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Yet another Whitehall block on Yorkshire?

October 11, 2013

Interesting article from Wednesday’s Yorkshire Post. The key phrase being ‘Yorkshire’s own funding allocation – still the subject of contentious negotiations between the British Government and the EU’. It seems to suggest that Brussels has millions it wants to spend in the region but, as ever, is facing a block from Whitehall. Meanwhile, across Europe, regions are happily dealing directly with Brussels in order to access funding for SMEs.

 

EU promises big funding boost for small firms

HUNDREDS of millions of pounds of European funding will be poured into supporting small businesses in Yorkshire over the coming years as Brussels signals a major shift in its approach to economic regeneration.

Johannes Hahn, the European Commissioner for Regional Policy, told the Yorkshire Post he wants to see the total amount of EU regeneration funds put towards supporting small and medium-sized business growth double from £70 billion to “at least” £140bn across Europe over the next seven years – representing nearly 50 per cent of the total money available.

Mr Hahn said previous EU funding rounds have focused on infrastructure investment, but that as the continent recovers from the financial crash it is vital to support smaller businesses with the next six-year tranche of structural funds.

Yorkshire’s own funding allocation – still the subject of contentious negotiations between the British Government and the EU – currently stands at around £670m, and Commissioner Hahn would like to see around half targeted at small business support.

“When structural funds were used in the past, (it was) mainly for investments in infrastructure,” he said. “We have now changed this to an investment primarily in the promotion of the economy.

“So in the current (tranche) we will have finally spent around 70bn euros for SME support. We hope in the next we can at least double to 140bn euro. That should be, I should say, a minimum threshold. It’s absolutely necessary to focus on SMEs.”

In England, the European funds will be distributed to the country’s 39 local enterprise partnerships (LEPs) to provide support for local economies. The Government’s current plans will see Leeds City Region LEP receive £330m; Sheffield City Region LEP receive £172m; the Humber LEP receive £86m; and North Yorkshire and East Riding LEP £82m.

Commissioner Hahn stressed that supporting SME growth should extend beyond basic grants to small firms, and incorporate wider skills training projects and innovation.

“Innovation is not just having new technology – it can be to introduce a new marketing concept, a new PR concept, apply a new administrative procedure for internal work,” he said. “Everything that can contribute to the performance of our SMEs is welcome and should be supported.”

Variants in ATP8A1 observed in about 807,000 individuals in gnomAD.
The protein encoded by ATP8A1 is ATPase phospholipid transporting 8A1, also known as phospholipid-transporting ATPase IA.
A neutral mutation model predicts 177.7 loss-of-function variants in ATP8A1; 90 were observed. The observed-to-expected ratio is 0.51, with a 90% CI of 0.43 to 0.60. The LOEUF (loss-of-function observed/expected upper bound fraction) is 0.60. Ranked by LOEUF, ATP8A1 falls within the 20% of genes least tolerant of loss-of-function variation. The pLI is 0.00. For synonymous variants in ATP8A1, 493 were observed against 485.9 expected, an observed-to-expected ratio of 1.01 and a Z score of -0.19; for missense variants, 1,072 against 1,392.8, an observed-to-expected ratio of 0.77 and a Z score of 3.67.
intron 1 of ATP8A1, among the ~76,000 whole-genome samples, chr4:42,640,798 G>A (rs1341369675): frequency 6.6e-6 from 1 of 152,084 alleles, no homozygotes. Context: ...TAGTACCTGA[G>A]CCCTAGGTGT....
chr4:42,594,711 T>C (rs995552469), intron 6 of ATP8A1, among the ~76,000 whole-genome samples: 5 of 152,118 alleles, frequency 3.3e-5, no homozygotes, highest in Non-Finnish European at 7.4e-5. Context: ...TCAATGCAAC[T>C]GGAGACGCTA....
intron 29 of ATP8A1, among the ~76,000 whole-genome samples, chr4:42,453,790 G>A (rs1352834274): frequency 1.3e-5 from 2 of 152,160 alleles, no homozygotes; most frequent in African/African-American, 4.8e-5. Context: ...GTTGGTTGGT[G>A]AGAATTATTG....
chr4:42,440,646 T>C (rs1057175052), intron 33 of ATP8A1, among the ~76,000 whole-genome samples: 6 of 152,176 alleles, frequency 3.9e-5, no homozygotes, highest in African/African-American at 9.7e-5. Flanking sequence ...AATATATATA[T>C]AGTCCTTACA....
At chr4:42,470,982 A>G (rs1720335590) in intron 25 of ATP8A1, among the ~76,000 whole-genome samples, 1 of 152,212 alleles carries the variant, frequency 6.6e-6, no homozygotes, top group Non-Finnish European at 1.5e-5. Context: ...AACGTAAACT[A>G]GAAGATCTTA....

The EU’s past focus on infrastructure improvement was a response to the often-ageing transport networks across the continent, particularly in Eastern Europe. But Commissioner Hahn said the economic crash has forced Brussels to reassess its priorities.

“In many countries we have now achieved a level of infrastructure which allows us to move to other areas,” he said. “Due to the crisis, our strong interest should be to stimulate, to motivate, to support SMEs and the economy.  It is good to have highways, but it is also good to have goods being transported on the highways. We should have both.”

The new business-oriented approach has the backing of the president of the EU’s committee of the regions, Ramon Luis Valcarcel.

“Without SMEs, a state cannot function,” he said. “The SMEs are the driver of the economy.”

How EU regeneration funds are spent remains a contentious issue. In Yorkshire, some EU-backed projects have been massive successes, such as the Advanced Manufacturing Park in South Yorkshire. But others, like the ill-fated Digital Region broadband network, flopped badly.

Jose Manuel Barroso, the President of the European Commission, told the European Parliament this week that the success rate needs to improve.

“Some of the funding in the past was not always used to the best purpose,” he admitted.

“We have to ask ourselves – how is it possible that after so many investments, some regions are lagging so much behind? How could we make better use of these euros? Sometimes our investments were not good ones.”

Nonetheless, Commissioner Hahn insisted regions such as Yorkshire benefit hugely from the EU funding they receive, and said it would be a “disaster” for Britain to pull out of Europe.

“I think in particular the regional representatives that I have visited in the UK are fully aware about the benefits and advantages of EU membership,” he said. “It offers the opportunity to get additional money which is unlikely to be provided at a national level.

“This is the position of regional representatives not only in the UK but in other countries as well.”

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